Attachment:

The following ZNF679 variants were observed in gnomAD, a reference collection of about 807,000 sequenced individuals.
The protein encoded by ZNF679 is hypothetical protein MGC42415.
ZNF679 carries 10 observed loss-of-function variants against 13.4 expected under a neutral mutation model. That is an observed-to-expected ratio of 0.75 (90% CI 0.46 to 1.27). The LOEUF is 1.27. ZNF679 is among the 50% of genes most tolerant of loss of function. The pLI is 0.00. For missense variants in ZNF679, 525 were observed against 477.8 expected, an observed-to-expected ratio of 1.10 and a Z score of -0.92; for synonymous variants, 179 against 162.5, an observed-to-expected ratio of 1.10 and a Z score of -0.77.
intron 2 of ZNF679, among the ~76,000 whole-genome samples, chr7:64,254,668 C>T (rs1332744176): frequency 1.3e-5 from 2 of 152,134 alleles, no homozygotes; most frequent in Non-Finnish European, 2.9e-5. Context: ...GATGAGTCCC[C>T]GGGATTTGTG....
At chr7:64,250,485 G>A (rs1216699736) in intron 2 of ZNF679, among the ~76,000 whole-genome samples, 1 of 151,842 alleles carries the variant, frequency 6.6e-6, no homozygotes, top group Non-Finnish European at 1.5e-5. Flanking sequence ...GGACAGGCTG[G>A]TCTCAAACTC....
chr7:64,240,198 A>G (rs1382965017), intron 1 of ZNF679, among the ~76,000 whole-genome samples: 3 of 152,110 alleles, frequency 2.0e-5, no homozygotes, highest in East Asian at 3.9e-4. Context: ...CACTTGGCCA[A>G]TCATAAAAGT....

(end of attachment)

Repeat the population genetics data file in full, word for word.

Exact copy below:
The following ZNF679 variants were observed in gnomAD, a reference collection of about 807,000 sequenced individuals.
The protein encoded by ZNF679 is hypothetical protein MGC42415.
ZNF679 carries 10 observed loss-of-function variants against 13.4 expected under a neutral mutation model. That is an observed-to-expected ratio of 0.75 (90% CI 0.46 to 1.27). The LOEUF is 1.27. ZNF679 is among the 50% of genes most tolerant of loss of function. The pLI is 0.00. For missense variants in ZNF679, 525 were observed against 477.8 expected, an observed-to-expected ratio of 1.10 and a Z score of -0.92; for synonymous variants, 179 against 162.5, an observed-to-expected ratio of 1.10 and a Z score of -0.77.
intron 2 of ZNF679, among the ~76,000 whole-genome samples, chr7:64,254,668 C>T (rs1332744176): frequency 1.3e-5 from 2 of 152,134 alleles, no homozygotes; most frequent in Non-Finnish European, 2.9e-5. Context: ...GATGAGTCCC[C>T]GGGATTTGTG....
At chr7:64,250,485 G>A (rs1216699736) in intron 2 of ZNF679, among the ~76,000 whole-genome samples, 1 of 151,842 alleles carries the variant, frequency 6.6e-6, no homozygotes, top group Non-Finnish European at 1.5e-5. Flanking sequence ...GGACAGGCTG[G>A]TCTCAAACTC....
chr7:64,240,198 A>G (rs1382965017), intron 1 of ZNF679, among the ~76,000 whole-genome samples: 3 of 152,110 alleles, frequency 2.0e-5, no homozygotes, highest in East Asian at 3.9e-4. Context: ...CACTTGGCCA[A>G]TCATAAAAGT....